2007 Journey:
Africa, Russia, Mongolia and China

  • Following a Journey Down the Nile


    For thousands of years the Nile River was the main transport corridor and information highway of Egypt.

    So effective was the Nile, that the mighty Egyptians and all of their amazing feats of engineering didn’t have the wheel until about a thousand years after they built the pyramids.

    River travel was so ingrained into the psyche of the ancient Egyptians that it was assumed the dead sailed into the afterlife.

    Glancing from side to side, I find myself in culture shock. Where did all these tourists come from? For several weeks in Ethiopia and Sudan, I saw none, and now, that’s all I see. It’s a hard adjustment.

    Deciding something is needed to help in the transition, I opt for a sail ride.

    A sail down the Nile is like sailing into living history.

    African sailboatJumping on a fluka sailboat in Aswan, I set off for three peaceful days of ancient transportation, no motor, only wind and current to carry us north.

    “I’ve been sailing the Nile for 20 years,” says Mohamed.

    There is no more peaceful place on earth, as he guides our boat back and forth across the Nile.

    Looking up, I watch the sail as the wind fills it from top to bottom. I sense it is also filling my own internal sails with each sweep across the river.

    The great thing about sailing on a fluka is there is nothing to do but enjoy the ride as the boat passes the green-lined bank that holds back the tan and red desert.

    On my boat are five other passengers, one from the U.S., two from Spain and two from France all sharing the red, yellow and green cushion that serves as our seat and bed.

    Sleeping on the fluka, I wake in the middle of the night to see endless stars, with the occasional sound of water lapping up against the boat. Quietly I whisper, “This is a good life.”

    Three days of paradise come to an abrupt stop as I step off the train in Cairo into the bustling capital of Egypt.

    I squeeze in a short visit to the pyramids. But I have a larger goal.

    Determined to follow the Nile to the end, I make my way to Rosetta.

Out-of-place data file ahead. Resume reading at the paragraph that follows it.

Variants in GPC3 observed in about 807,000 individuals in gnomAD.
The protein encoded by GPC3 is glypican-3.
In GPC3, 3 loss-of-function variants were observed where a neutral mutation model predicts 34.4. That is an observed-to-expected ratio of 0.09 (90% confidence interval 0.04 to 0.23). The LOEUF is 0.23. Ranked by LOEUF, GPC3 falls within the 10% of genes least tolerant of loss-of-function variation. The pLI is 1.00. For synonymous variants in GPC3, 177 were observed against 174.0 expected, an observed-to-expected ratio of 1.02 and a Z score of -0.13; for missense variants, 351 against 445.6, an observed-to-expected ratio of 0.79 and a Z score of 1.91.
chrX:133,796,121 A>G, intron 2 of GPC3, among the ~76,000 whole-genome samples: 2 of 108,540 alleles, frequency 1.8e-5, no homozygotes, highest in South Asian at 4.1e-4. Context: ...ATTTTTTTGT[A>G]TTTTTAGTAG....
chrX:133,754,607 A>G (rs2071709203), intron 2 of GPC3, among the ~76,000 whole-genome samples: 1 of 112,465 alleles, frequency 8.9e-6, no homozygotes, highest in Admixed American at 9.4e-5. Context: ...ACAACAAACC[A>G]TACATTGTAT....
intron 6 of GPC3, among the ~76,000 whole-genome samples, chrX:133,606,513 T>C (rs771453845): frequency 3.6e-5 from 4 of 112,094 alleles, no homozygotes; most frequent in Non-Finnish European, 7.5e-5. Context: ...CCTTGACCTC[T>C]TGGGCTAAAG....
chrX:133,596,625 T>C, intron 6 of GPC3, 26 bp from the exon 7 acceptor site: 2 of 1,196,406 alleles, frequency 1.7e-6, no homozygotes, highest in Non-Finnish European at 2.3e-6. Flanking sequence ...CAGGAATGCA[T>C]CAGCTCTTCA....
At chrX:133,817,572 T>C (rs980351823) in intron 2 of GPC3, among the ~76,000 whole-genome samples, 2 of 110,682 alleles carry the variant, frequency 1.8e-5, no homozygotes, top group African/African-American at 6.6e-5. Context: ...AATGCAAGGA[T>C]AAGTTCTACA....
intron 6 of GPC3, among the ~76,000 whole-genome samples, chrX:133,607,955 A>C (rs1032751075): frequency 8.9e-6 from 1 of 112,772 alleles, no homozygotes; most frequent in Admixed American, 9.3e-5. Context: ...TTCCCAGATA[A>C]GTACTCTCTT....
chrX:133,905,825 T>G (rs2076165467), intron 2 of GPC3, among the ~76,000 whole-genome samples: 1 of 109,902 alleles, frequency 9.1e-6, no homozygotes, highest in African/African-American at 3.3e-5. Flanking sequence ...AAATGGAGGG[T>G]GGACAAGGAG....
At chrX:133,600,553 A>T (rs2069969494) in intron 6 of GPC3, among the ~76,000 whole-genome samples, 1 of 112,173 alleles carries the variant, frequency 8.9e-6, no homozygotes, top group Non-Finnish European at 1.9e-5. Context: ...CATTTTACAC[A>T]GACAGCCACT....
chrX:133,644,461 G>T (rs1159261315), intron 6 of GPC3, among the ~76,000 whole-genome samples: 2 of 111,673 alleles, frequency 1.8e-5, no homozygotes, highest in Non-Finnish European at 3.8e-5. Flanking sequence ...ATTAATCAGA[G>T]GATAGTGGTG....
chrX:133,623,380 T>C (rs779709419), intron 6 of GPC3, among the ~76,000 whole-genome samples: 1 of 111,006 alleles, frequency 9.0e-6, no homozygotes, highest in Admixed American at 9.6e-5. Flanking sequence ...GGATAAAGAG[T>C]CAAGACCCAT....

Walking along the edge of the Nile in Rosetta I hear: “You donkey,” from a group of young boys who throw rocks at me. A local man watching comes running to my rescue with a large rock and makes the hand motions that I should grab and beat them.

    “Jeesh,” I think to myself. I made it all the way across Africa to get conked on the head by bratty kids in Egypt.

    Unfazed by the distraction I keep heading north. With no real plan, I miscalculate how far it is to the sea. After walking for an hour, I start hitchhiking; first a donkey cart picks me up, then a truck. Afterward a three-wheel tuk tuk takes me the rest of the way. Each ride offers a chance to make new friends.

    The Nile has been a consistent thread on this journey. Spanning 4,000 miles, the Nile cuts across the heart of Africa. In Ethiopia, I touched the waters of the Blue Nile as it began its long journey from Lake Tana. In Uganda I floated Lake Victoria and rafted at the start of the White Nile. Like a wedding ceremony in Khartoum, I marveled at the spot where the two became one. I found a moment of peace on a fluka in Egypt. And now I find myself standing on the edge of where this majestic river meets its destination as it unites with the Mediterranean Sea in Rosetta.

    Quietness fills me as I sit on the edge where the sea meets river. I realize this is the end of Africa for the Nile, just as this the end for this segment of my journey.

    Just as I stand to head for home, a small wave comes up and surrounds my feet.

    The Nile was reaching out to say goodbye.

    “Don’t worry,” I whisper, “I’ll be back.”



    Fremont Tribune








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